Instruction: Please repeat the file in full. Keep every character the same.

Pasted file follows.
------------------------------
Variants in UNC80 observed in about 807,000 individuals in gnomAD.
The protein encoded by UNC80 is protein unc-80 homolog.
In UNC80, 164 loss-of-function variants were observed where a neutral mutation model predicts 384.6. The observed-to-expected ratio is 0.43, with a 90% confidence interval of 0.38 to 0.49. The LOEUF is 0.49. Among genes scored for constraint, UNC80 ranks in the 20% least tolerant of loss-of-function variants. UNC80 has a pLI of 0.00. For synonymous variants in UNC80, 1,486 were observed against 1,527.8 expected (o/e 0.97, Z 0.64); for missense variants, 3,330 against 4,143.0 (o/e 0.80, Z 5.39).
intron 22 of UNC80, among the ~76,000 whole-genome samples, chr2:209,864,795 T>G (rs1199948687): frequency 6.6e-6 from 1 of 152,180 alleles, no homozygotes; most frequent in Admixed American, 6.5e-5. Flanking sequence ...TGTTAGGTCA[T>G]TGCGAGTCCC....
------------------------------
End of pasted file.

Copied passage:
Variants in UNC80 observed in about 807,000 individuals in gnomAD.
The protein encoded by UNC80 is protein unc-80 homolog.
In UNC80, 164 loss-of-function variants were observed where a neutral mutation model predicts 384.6. The observed-to-expected ratio is 0.43, with a 90% confidence interval of 0.38 to 0.49. The LOEUF is 0.49. Among genes scored for constraint, UNC80 ranks in the 20% least tolerant of loss-of-function variants. UNC80 has a pLI of 0.00. For synonymous variants in UNC80, 1,486 were observed against 1,527.8 expected (o/e 0.97, Z 0.64); for missense variants, 3,330 against 4,143.0 (o/e 0.80, Z 5.39).
intron 22 of UNC80, among the ~76,000 whole-genome samples, chr2:209,864,795 T>G (rs1199948687): frequency 6.6e-6 from 1 of 152,180 alleles, no homozygotes; most frequent in Admixed American, 6.5e-5. Flanking sequence ...TGTTAGGTCA[T>G]TGCGAGTCCC....